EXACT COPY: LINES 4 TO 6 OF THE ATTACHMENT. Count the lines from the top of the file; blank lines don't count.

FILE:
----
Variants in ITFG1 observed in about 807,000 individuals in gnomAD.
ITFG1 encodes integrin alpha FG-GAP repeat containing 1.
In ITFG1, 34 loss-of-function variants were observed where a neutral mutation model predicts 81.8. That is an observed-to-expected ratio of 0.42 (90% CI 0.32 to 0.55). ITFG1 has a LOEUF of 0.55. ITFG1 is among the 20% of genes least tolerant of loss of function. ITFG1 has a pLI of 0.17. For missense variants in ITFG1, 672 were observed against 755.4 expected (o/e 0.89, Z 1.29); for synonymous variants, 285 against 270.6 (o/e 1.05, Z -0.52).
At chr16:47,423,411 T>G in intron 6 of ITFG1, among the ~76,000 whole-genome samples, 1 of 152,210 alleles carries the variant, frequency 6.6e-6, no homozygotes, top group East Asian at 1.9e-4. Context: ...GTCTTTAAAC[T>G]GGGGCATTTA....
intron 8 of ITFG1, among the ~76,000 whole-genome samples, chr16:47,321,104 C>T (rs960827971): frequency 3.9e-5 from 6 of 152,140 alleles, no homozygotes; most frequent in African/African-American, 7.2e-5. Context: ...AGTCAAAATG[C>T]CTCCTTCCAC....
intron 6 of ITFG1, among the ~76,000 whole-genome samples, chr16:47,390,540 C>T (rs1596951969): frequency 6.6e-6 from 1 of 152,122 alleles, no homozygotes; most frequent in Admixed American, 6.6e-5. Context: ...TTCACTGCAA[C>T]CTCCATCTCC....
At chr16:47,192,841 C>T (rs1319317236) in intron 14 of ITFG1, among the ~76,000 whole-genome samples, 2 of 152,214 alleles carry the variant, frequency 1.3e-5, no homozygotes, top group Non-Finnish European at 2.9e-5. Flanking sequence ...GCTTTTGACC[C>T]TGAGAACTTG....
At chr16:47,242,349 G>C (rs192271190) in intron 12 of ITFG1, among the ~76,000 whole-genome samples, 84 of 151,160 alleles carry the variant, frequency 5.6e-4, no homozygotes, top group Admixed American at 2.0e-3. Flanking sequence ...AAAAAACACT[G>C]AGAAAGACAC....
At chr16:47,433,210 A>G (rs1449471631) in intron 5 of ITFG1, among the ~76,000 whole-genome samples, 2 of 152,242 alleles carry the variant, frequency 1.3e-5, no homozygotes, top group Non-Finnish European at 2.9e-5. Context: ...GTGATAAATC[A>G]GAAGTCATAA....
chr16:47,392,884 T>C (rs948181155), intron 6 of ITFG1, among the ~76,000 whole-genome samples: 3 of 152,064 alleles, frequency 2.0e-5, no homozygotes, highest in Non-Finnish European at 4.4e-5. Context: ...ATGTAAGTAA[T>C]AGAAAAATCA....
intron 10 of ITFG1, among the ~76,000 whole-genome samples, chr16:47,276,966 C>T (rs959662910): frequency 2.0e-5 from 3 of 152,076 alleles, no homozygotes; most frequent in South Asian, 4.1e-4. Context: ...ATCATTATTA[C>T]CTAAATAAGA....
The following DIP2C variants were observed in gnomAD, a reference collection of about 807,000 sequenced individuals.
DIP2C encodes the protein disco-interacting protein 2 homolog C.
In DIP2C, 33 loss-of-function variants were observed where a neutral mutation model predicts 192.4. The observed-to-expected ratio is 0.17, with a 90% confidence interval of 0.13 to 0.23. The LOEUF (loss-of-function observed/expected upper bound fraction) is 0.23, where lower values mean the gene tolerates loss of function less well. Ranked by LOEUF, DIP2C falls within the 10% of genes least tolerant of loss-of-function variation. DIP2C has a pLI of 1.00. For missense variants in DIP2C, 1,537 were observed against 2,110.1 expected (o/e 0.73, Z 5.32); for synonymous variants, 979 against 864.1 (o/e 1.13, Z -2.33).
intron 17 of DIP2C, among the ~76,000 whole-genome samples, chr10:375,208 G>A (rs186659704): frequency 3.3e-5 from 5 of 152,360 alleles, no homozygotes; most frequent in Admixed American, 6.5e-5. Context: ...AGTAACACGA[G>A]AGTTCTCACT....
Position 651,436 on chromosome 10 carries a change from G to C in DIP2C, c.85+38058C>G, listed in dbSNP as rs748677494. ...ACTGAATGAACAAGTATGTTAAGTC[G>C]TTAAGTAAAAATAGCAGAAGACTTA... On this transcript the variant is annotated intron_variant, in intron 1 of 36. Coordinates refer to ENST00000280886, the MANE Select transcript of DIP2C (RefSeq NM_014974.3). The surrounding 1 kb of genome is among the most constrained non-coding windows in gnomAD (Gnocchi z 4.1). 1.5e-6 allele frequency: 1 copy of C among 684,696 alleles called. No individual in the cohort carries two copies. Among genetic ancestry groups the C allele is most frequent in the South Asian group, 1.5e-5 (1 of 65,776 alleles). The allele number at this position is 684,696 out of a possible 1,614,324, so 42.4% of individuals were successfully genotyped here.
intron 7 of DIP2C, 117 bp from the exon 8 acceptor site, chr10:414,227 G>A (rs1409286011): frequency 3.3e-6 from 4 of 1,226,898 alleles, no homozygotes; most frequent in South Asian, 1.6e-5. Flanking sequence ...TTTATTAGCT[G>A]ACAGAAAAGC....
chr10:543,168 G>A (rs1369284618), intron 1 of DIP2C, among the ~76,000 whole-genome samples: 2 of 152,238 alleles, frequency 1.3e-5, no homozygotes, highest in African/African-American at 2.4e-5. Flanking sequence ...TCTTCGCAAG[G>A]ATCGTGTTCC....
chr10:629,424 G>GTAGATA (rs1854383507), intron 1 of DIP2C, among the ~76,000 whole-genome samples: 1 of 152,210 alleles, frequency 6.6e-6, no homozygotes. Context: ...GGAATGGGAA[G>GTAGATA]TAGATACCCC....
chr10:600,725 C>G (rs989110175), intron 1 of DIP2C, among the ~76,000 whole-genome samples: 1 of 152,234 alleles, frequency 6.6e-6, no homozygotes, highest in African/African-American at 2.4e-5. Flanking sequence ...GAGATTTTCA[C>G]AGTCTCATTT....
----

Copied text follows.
At chr16:47,423,411 T>G in intron 6 of ITFG1, among the ~76,000 whole-genome samples, 1 of 152,210 alleles carries the variant, frequency 6.6e-6, no homozygotes, top group East Asian at 1.9e-4. Context: ...GTCTTTAAAC[T>G]GGGGCATTTA....
intron 8 of ITFG1, among the ~76,000 whole-genome samples, chr16:47,321,104 C>T (rs960827971): frequency 3.9e-5 from 6 of 152,140 alleles, no homozygotes; most frequent in African/African-American, 7.2e-5. Context: ...AGTCAAAATG[C>T]CTCCTTCCAC....
intron 6 of ITFG1, among the ~76,000 whole-genome samples, chr16:47,390,540 C>T (rs1596951969): frequency 6.6e-6 from 1 of 152,122 alleles, no homozygotes; most frequent in Admixed American, 6.6e-5. Context: ...TTCACTGCAA[C>T]CTCCATCTCC....